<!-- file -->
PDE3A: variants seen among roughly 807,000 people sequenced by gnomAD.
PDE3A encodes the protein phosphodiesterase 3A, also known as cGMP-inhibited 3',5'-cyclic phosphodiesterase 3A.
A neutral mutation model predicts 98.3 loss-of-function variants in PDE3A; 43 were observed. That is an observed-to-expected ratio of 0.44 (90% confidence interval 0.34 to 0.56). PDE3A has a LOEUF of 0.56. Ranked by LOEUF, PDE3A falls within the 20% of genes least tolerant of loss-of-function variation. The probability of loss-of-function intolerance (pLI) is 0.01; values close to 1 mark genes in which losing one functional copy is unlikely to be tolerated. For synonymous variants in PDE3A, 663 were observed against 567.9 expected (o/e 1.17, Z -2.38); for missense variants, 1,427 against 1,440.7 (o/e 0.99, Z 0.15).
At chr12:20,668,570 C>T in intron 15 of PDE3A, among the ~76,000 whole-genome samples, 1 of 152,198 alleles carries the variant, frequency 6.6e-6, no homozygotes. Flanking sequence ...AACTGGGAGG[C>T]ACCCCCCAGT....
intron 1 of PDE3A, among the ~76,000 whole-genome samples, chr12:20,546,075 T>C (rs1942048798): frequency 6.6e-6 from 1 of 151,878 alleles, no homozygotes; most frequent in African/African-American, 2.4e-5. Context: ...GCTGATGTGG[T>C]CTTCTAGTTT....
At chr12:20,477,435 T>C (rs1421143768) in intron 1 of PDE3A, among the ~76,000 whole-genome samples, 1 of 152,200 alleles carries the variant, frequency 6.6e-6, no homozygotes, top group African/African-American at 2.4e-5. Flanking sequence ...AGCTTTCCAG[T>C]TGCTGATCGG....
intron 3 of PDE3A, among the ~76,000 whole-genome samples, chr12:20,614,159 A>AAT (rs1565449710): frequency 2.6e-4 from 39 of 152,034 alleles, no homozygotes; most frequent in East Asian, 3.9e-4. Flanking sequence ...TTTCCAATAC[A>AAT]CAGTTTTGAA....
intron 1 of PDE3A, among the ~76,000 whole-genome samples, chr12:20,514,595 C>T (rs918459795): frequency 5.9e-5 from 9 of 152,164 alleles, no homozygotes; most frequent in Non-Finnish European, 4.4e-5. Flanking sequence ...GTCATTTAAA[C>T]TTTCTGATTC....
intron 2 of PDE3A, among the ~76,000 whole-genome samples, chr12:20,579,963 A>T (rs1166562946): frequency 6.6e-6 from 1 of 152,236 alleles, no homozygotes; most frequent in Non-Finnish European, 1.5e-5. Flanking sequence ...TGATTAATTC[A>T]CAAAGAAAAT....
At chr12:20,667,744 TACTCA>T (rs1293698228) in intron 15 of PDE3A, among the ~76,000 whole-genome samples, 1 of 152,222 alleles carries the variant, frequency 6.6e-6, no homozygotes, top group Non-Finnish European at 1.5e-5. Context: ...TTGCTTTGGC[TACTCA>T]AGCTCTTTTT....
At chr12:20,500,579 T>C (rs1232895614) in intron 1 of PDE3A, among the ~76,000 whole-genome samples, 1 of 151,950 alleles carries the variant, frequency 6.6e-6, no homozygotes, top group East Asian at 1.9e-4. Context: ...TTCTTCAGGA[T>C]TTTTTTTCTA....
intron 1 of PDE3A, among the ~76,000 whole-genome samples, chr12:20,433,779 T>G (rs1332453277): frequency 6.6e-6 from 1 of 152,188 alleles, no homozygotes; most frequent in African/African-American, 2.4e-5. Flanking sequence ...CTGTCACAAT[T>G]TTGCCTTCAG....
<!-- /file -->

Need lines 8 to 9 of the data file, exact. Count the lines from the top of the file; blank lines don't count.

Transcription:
intron 1 of PDE3A, among the ~76,000 whole-genome samples, chr12:20,514,595 C>T (rs918459795): frequency 5.9e-5 from 9 of 152,164 alleles, no homozygotes; most frequent in Non-Finnish European, 4.4e-5. Flanking sequence ...GTCATTTAAA[C>T]TTTCTGATTC....
intron 2 of PDE3A, among the ~76,000 whole-genome samples, chr12:20,579,963 A>T (rs1166562946): frequency 6.6e-6 from 1 of 152,236 alleles, no homozygotes; most frequent in Non-Finnish European, 1.5e-5. Flanking sequence ...TGATTAATTC[A>T]CAAAGAAAAT....